Weekly Standard executive editor Fred Barnes contradicted himself by insisting both that President Bush's plan to allow workers to divert Social Security payroll taxes into private investment accounts should not be called "privatization" and that "the key" to Bush's plan is that beneficiaries will "own" their accounts. In fact, any account that a Social Security recipient truly "owns" will, by definition, be a "private" account, so any plan that would implement such a system is a "privatization" plan (though allowing workers to divert only a portion of their payroll taxes into private accounts would be merely partial privatization).
On the February 1 edition of FOX News' Special Report with Brit Hume, both Barnes and host Hume echoed the Bush administration's well-documented aversion to the terms "privatization" and "private accounts," insisting that the Bush plan "is not what you call 'privatization.'" Hume showed a clip of Senate Minority Leader Harry Reid (D-NV) saying, "President Bush should forget about privatizing Social Security." Then Hume asked the "All-Star Panel": "Is privatizing Social Security -- in the way that Senator Reid suggests -- what the president is up to?" But when the panel initially declined to unequivocally reject the term "privatize," Hume answered his own question. "But just for the record, he's [Bush] not promising, or asking to privatize the system," Hume said. Then Barnes picked up the thread:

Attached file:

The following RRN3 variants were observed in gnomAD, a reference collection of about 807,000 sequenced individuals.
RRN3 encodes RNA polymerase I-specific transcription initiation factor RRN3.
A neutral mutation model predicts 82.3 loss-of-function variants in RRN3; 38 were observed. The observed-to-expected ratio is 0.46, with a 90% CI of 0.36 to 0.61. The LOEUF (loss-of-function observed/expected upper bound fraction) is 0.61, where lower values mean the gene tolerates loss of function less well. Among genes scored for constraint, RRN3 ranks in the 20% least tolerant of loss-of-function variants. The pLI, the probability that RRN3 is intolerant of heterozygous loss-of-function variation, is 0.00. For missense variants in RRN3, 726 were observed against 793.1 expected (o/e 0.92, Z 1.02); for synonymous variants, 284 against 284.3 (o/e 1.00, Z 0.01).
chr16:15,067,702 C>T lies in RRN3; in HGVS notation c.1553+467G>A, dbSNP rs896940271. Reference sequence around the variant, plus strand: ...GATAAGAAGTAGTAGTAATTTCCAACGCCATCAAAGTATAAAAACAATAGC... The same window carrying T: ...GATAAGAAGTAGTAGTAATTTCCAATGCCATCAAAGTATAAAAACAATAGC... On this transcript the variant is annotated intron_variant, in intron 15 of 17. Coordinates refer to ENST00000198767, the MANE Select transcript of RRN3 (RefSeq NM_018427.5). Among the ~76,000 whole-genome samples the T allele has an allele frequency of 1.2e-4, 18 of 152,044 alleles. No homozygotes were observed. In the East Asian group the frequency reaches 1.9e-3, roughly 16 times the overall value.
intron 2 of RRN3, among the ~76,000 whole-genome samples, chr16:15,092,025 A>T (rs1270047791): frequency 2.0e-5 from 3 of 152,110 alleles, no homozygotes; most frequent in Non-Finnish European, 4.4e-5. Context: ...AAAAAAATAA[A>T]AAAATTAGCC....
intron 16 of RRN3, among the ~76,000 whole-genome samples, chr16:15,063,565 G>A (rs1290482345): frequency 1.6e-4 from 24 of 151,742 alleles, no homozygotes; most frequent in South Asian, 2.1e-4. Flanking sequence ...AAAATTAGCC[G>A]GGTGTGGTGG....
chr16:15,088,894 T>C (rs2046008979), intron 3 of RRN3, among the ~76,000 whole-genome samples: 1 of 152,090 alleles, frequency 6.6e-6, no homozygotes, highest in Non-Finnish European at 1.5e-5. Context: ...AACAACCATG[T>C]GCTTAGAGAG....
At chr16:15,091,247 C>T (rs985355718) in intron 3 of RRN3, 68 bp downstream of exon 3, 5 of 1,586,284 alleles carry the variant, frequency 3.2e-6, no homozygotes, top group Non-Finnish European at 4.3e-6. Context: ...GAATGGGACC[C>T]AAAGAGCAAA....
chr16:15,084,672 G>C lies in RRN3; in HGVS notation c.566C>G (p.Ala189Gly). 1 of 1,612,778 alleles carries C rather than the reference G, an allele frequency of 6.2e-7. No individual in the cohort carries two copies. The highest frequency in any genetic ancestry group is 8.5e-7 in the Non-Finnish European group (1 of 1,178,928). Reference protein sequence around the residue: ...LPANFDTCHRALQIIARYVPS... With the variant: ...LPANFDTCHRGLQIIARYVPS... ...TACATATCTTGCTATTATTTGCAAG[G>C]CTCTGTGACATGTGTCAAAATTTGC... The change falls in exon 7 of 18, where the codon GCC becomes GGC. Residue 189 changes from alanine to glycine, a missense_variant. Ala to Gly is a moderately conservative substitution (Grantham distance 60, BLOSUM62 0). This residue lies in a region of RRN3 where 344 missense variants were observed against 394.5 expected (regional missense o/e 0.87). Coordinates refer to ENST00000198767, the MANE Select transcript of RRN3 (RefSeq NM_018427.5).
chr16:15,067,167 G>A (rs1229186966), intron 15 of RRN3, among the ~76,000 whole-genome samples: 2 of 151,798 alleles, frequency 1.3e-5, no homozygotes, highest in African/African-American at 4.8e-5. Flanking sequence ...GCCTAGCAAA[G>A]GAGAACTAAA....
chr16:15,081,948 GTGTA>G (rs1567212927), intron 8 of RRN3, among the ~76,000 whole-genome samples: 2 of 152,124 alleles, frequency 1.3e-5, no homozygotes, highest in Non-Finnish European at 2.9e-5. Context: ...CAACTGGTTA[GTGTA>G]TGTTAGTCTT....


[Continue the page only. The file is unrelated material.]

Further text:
BARNES: No. No. Here's why it is not privatization. It's not. I mean, for one, the government will decide how much of your Social Security payroll taxes you can actually invest. The government will decide what your options are in investing it, and they'll probably be fairly narrow -- index funds and so on. And the government will tell you when you can actually take the money out and sell the stocks and have the money.
Seconds later, Barnes transitioned smoothly from claiming that Bush's plan "is not privatization" to claiming that "the key" is ownership:
This is not what you call "privatization." It does allow people to do something other with some of their payroll tax money than just leave it in the Social Security system because they can make more money this way and they will own that account. The key is they'll own it, and they can pass it on to their heirs.
The truth is that any plan in which accountholders truly "own" their accounts would by definition be a form of "privatization." On the other hand, if the government "will decide what your options are in investing" and "will tell you when you can actually take the money out," as Barnes claimed, then accountholders will not truly "own" their accounts. After all, millions of Americans today who own 401(k) accounts can invest in whatever they want and can withdraw money before retirement at their discretion -- e.g., to start a business, pay for an illness, or go on vacation. Asking the government to guarantee a core retirement income for seniors -- which is the motivation for the proposed restrictions on personal accounts that Barnes mentioned -- is fundamentally at odds with promoting genuine "ownership," which inevitably involves risk.
Bush himself used the term "private account" at a Republican fund-raiser in September 2004, and the conservative Cato Institute, which has been a leading advocate privatization for years, began a "Project on Social Security Privatization" in 1995 before quietly changing the name in 2002 to the "Project on Social Security Choice" in response to Republican requests, as The Washington Post reported.